When the month of Chet came around last year, murmurs of discontent were born anew from the fields of Punjab to the nations of the West; in the hundreds of thousands, Sikhs pledged orange. Sparked by the imminent execution of Balwant Singh Rajoana – a convicted conspirator in the 1995 assassination of then-Chief Minister of Punjab Beant Singh – there were vigils, rallies and darbars on a daily basis. For a brief moment it looked as though the Sikh World had awoken from the very un-Sikh-like slumber of the past two decades. But no sooner had the Hukumnama been read aloud to conclude the final Nagar Kirtan of the season than the movement was over. I wrote an article that summer trying to make sense for myself in a purposely public setting, just what had happened. I recall it was shared and liked on Facebook a few dozen times, favourited on Twitter; the irony of that will not be lost on anyone who read it. So a year on I am revisiting the issue, but with a new found sense of realisation and direction.

For a few short months last year, Sikhs of all shapes and sizes spoke out against injustices that blight the people of Punjab and Sikhs in particular across all India. Although the topic of conversation centred around the prominent case of one individual, it was repeatedly supplemented by the backdrop of wider abuses of the State including the attack on Sri Darbar Sahib, Amritsar in 1984. For those few short months it appeared that Sikhs across the World could no longer turn a blind eye to the ills of the society we had left behind when we migrated in search of a better life. But the summer months came and the ire vanished, even though the circumstances had not changed, they had just been prolonged. It is bizarre when you think about it: Balwant Singh Rajoana remains in prison and is still facing the death sentence, only now he resides in that in-glorious space somewhere between death and life-long incarceration. Nothing has in fact changed about Rajoana; he continues to speak with the courage that earnt him the admiration of so many and struck fear into the heart of those who have worked vigorously to control the State purely for their own interests. But we are no longer pledging orange, or if we are it is purely in name. So what changed for us? Was the movement merely a fad, a ‘Get Kony’ for this community of brown people?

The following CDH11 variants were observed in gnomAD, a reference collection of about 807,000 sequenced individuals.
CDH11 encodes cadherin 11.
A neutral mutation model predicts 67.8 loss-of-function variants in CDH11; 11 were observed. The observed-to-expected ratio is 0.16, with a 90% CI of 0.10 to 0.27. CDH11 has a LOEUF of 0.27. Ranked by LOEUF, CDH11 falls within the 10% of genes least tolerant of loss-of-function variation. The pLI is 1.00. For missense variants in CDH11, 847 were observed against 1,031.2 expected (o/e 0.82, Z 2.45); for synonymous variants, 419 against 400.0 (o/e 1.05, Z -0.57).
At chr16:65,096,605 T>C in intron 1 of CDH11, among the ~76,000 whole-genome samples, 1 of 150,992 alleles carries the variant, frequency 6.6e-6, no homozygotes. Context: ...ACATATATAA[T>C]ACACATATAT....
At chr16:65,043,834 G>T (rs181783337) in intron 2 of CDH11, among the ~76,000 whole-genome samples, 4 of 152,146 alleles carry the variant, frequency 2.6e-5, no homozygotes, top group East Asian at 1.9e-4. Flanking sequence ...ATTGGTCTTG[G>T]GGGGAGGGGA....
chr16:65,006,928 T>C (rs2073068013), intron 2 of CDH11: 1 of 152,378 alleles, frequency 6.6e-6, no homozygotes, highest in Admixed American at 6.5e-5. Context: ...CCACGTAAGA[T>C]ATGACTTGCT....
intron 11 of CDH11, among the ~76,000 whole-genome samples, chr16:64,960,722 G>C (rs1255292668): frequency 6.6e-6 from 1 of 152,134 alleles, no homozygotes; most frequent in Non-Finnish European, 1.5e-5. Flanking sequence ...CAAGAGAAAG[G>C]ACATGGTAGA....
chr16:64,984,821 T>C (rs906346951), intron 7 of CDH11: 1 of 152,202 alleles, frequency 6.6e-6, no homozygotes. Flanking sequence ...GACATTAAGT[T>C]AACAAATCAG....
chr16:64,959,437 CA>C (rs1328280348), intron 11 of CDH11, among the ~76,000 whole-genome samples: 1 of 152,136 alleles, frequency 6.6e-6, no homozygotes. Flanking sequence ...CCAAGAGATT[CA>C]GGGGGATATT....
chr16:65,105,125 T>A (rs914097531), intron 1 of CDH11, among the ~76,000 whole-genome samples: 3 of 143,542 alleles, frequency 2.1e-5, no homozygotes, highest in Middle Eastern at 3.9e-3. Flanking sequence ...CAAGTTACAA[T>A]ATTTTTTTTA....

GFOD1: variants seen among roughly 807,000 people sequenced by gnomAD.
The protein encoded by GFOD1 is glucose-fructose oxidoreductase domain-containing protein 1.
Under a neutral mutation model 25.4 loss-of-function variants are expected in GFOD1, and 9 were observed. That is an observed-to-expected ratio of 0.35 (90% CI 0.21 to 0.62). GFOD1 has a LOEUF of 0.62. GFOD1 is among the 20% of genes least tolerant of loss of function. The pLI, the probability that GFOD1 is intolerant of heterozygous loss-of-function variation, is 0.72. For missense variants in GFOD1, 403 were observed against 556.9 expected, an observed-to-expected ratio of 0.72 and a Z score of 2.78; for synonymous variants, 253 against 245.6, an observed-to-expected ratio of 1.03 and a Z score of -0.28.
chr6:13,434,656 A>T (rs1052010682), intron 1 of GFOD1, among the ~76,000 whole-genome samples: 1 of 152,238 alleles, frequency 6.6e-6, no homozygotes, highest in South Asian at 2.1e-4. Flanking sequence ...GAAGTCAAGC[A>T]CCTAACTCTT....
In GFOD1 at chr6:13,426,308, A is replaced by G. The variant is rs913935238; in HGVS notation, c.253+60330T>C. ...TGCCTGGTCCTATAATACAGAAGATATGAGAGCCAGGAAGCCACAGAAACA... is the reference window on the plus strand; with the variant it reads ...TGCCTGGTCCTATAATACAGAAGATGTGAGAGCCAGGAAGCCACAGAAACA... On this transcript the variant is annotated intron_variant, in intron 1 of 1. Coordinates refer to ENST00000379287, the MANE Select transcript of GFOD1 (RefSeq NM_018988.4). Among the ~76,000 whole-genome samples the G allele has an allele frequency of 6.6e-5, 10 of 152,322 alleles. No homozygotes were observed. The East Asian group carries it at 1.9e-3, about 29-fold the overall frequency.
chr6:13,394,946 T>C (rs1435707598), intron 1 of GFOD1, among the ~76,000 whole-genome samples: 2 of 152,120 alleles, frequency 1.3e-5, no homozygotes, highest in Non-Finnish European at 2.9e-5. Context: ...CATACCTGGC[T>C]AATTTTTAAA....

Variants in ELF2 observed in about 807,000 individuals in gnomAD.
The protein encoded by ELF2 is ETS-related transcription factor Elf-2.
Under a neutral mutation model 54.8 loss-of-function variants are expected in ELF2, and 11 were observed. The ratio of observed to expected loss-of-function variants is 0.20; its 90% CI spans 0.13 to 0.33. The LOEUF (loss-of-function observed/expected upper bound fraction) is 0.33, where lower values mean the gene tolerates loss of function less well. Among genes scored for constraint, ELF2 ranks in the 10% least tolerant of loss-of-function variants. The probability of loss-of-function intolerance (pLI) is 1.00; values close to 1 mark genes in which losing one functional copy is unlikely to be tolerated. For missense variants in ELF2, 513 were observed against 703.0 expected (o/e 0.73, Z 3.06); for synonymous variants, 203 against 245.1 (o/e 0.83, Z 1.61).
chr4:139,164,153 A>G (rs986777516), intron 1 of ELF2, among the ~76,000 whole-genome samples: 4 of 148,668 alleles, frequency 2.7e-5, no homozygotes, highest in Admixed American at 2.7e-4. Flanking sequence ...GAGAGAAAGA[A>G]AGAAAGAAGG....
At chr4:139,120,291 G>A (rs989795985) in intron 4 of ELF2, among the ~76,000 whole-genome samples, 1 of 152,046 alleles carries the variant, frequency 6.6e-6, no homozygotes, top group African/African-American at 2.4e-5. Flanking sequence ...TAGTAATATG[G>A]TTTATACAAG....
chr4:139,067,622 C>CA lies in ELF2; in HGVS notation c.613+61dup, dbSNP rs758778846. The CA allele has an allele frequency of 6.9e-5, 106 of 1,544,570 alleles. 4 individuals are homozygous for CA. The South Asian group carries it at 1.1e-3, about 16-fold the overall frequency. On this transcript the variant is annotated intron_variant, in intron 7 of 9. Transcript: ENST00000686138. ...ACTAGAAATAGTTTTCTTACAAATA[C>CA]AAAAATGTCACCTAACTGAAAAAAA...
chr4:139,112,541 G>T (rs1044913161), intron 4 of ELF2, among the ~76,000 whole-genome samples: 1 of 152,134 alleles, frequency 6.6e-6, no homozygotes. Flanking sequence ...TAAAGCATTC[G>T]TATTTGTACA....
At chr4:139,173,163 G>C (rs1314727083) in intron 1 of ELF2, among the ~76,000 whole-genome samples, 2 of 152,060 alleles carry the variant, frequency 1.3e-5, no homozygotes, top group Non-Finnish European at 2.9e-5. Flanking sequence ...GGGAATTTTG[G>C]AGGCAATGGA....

I’d like to think it wasn’t a fad. Some undoubtedly got caught up in the moment, as they do whenever the cause-du-jour makes headlines, but on the whole I believe that most Sikhs who were pledging orange did so with a pure intent. It stands to reason when you see how much was achieved in just a matter of weeks: we, the people, stood arm in arm in all weather, lobbied politicians that we otherwise ignore, put aside petty differences and showed a glimmer of being the Sikhs we know we want to be. But that wasn’t enough, isn’t enough and will never be enough. Intentions are no substitute for actions; Sikhs should understand this better than anyone, seeing as it is fundamental to our way of life! We may have signed the petitions, travelled to our capital cities, and lit the candles, but essentially we were engaging in rituals akin to prayer, asking others to do something for us in a World that we all control. ‘What more could we do?‘ I hear you cry; and therein lies the problem: most Sikhs who took time out of their lives to show their support in both the real World and the online one, sadly did not take any time to discover for themselves what lay at the heart of this issue. And they are still none the wiser. Those that did, have a much better idea of what to do – they understand the problem and so can identify ways to try to resolve it.